A pedestrian walks by a CitiBank branch office on April 18, 2011 in San Francisco, Calif.
A pedestrian walks by a CitiBank branch office on April 18, 2011 in San Francisco, Calif. - 

David Brancaccio: When the Federal Reserve tried out those "bad case scenarios" on the banking system, it turned up some red alerts about Europe.

Marketplace's Stephen Beard joins us live from London. Stephen, good morning.

Stephen Beard: Good morning, David.

Brancaccio: Stephen, I see CitiGroup, and some other banks, own quite a lot of European debt -- debt that could go bad?

Beard: Yes. I mean, CitiGroup has been badly hit, undoubtedly, by its exposure to the eurozone debt crisis. Citi points out, however, that even with these losses, it would have passed the stress test. It only failed because the Fed objected to Citi's plans to increase it's payout to shareholders. One leading bank analyst here thinks CitiGroup's failure is pretty alarming.

Brancaccio: Alarming -- you have my full attention here.

Beard: All right. This is Ralph Silva of the research house SRN. And he says he finds it extraordinary that stock markets are celebrating on the back of these stress test results, given the fact that Citi has not been given a clean bill of health.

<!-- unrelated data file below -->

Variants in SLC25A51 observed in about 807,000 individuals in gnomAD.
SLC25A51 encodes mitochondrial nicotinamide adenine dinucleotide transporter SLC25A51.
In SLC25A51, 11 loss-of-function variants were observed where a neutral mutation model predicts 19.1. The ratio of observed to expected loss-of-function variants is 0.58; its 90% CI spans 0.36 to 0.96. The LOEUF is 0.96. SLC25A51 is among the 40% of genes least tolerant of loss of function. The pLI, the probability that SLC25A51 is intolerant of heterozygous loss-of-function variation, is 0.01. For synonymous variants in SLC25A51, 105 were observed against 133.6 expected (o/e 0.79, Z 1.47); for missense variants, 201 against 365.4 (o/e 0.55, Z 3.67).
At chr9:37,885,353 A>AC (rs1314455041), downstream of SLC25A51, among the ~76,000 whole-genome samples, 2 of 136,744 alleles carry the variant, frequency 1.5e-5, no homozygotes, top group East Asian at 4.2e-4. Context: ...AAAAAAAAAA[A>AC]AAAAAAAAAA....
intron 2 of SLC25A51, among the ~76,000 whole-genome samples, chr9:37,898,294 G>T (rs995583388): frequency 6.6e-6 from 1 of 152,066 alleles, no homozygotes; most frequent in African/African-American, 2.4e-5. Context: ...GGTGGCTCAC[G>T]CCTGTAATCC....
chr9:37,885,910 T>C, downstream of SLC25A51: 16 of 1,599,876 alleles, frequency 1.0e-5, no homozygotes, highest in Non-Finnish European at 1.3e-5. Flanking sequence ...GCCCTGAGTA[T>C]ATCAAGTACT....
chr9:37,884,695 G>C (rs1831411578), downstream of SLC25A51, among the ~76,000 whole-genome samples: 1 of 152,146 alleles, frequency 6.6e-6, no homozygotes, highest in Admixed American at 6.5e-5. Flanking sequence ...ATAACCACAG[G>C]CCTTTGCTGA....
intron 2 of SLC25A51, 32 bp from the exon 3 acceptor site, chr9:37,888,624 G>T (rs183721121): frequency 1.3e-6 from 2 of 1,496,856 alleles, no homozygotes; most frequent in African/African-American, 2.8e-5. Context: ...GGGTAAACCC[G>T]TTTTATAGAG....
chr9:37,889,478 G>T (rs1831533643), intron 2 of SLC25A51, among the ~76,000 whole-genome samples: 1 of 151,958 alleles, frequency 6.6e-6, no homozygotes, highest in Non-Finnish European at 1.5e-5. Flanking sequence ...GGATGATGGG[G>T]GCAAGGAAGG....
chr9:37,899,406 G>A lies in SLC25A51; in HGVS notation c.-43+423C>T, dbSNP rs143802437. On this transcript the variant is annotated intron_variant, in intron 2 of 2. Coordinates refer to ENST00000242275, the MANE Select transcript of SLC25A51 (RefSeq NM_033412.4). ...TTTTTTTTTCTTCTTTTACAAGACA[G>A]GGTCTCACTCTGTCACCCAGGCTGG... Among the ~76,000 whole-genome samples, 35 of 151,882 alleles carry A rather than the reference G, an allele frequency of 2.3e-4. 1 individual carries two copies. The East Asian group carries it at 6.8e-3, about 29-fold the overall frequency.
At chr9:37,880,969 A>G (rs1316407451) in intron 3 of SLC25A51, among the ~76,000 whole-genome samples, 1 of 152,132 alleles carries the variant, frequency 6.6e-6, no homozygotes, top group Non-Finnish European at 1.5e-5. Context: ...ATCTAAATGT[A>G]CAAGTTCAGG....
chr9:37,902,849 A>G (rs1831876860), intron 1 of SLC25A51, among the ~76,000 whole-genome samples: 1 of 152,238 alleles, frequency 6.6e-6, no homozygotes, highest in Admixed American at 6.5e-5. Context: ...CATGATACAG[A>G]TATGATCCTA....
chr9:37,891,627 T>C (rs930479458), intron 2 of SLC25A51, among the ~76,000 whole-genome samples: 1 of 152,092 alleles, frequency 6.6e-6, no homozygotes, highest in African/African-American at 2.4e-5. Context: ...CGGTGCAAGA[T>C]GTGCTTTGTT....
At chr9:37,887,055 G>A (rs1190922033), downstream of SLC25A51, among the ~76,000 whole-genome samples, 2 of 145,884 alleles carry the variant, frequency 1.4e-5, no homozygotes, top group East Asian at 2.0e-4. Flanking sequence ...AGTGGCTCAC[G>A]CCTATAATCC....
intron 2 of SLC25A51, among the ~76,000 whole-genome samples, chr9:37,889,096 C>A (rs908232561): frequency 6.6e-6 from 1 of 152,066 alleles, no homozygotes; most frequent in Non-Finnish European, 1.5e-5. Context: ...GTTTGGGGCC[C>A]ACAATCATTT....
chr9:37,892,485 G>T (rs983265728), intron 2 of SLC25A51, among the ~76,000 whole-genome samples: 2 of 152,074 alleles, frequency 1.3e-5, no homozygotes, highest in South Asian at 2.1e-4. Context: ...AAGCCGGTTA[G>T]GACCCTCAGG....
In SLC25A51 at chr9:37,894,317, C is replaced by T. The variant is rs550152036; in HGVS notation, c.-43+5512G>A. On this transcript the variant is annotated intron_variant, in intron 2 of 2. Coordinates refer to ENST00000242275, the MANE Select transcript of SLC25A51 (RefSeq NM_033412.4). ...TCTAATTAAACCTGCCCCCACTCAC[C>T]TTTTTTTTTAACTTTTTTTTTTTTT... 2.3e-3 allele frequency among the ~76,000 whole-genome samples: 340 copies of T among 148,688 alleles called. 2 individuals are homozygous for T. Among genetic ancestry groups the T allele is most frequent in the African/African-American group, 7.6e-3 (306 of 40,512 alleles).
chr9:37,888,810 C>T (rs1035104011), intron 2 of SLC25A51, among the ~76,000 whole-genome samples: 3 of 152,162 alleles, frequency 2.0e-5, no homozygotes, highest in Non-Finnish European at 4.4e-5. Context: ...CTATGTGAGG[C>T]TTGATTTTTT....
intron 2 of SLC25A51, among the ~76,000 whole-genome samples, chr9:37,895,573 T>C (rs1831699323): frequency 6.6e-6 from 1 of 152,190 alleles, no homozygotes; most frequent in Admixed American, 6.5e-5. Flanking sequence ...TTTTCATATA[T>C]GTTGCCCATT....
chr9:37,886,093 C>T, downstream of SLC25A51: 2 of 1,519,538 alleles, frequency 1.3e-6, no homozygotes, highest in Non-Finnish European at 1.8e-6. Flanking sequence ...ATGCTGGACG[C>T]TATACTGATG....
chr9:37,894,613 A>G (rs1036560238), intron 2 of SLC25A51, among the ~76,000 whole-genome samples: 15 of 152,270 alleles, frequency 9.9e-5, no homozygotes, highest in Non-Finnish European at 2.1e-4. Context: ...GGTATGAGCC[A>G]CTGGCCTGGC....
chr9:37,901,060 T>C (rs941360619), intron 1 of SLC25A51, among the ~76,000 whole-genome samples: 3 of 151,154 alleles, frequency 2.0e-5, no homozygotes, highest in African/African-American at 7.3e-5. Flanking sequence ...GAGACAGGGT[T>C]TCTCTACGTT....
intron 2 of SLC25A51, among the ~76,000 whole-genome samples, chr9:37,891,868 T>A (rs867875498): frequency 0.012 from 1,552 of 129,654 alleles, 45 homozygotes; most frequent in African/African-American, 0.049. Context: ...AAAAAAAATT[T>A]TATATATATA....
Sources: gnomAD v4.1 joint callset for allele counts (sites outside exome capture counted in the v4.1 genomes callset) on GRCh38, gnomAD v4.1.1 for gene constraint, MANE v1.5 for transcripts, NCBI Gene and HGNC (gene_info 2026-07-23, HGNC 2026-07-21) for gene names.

Ralph Silva: I am amazed and surprised at the optimism of the American market right now. The size of Citi, and the ability of Citi to bring down the entire financial services industry by itself leads me to believe that we're missing something fairly big here.

Other analysts here, however, have been more positive, saying the tests show that overall, the U.S. banking industry is in a healthier state than it was -- and certainly healthier than European banks. After all, no U.S. bank has been told to increase its capital immediately, whereas here in Europe, banks are still scrambling to beef up their balance sheet.

Brancaccio: Marketplace's Stephen Beard, thank you very much.

Beard: OK, David.